But after 2 or 3 weeks, the rodents began taking steps toward a piece of food after a gentle nudge from the robot. By 5 or 6 weeks, they were able to initiate movement on their own and walk to get the food. And after a few additional weeks of intensified rehab, they were able to walk up rat-sized stairs and climb over a small barrier placed in their path. Rats that did not undergo rehab, in contrast, showed no improvement at all. Rats suspended over a moving treadmill that elicited reflex-like stepping movement, did not improve either, suggesting that full recovery depends on making intentional movements, not just any movement.

 

 

What does every Mutant teen want? Mutant kicks:

Rayfish, a custom footwear company, is marketing leather sneakers that come in every color from shimmering gold to neon green, in patterns that mimick giraffes, zebras, leopard, and lady bugs. And they claim that these designs are grown directly on the hides of custom-engineered stingrays.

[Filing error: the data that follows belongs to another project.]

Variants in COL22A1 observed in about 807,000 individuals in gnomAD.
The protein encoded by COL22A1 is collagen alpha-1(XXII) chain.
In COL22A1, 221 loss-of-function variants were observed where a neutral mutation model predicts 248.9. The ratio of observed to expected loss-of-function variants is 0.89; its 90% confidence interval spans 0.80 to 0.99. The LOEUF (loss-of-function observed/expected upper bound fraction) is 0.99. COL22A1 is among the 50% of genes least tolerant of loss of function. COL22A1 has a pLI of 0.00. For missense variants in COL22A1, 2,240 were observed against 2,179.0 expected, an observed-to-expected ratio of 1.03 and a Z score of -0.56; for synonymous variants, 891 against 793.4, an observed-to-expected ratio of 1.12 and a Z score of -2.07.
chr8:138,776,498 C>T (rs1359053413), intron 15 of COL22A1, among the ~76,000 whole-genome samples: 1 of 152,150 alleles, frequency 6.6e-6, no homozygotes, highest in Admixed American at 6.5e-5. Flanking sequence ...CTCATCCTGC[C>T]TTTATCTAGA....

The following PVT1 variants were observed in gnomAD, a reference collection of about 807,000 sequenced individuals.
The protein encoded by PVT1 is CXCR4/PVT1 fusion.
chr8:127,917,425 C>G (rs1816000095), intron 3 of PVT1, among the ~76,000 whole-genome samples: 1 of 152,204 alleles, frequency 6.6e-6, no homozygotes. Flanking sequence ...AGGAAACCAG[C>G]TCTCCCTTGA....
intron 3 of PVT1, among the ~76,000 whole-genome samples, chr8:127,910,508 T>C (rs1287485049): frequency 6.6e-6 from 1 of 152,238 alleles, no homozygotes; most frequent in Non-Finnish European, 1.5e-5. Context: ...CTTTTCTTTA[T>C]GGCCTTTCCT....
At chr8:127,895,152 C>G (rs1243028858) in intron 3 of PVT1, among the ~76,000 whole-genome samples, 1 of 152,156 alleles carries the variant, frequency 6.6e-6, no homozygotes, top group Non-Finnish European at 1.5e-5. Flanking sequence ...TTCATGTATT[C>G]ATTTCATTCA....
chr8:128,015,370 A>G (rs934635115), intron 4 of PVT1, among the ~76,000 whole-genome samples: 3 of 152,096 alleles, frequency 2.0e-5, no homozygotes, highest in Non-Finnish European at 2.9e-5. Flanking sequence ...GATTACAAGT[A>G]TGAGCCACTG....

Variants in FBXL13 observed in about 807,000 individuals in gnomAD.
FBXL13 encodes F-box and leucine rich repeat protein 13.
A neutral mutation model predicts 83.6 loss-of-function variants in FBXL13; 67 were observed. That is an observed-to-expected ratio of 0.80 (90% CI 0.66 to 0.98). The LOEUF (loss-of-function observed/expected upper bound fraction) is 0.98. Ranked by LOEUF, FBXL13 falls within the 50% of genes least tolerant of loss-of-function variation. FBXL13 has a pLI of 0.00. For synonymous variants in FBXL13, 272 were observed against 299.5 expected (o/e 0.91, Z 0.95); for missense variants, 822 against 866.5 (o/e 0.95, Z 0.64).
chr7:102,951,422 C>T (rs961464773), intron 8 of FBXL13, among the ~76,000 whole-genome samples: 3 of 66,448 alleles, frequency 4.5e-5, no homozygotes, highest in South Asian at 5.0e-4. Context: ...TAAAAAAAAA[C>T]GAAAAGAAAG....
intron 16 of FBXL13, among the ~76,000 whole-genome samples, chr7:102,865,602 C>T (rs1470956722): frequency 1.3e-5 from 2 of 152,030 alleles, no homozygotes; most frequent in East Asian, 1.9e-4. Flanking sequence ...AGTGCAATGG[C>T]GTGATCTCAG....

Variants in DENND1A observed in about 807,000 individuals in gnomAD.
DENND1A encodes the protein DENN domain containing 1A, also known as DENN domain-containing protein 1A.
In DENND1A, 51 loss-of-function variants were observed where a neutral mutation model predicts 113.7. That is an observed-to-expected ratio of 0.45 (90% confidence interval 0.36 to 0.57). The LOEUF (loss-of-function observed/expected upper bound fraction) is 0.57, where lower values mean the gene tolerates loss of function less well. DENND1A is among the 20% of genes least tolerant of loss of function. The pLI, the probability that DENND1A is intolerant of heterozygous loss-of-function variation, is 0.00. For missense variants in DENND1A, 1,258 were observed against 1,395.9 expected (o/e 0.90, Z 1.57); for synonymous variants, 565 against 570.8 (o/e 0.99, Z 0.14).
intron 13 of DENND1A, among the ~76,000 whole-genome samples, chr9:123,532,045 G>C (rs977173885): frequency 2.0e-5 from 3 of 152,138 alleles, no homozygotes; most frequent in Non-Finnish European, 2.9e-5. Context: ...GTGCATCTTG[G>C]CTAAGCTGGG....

And again via our good, good acquaintances at io9:

Susan Dominus has penned a remarkable piece for the New York Times about Krista and Tatiana Hogan, the 4-year old conjoined twin girls from British Columbia who are attached at the head. Scans show that the two girls have brains that are interconnected by a never-seen-before “thalamic bridge,” an indication that they might share conscious thoughts. And if their early behavior is any indication, this may very likely be the case.

 

Finally, our friend Chris Arkenberg tells us to ‘ware the body net hackers. That’s right, #transhumanproblems: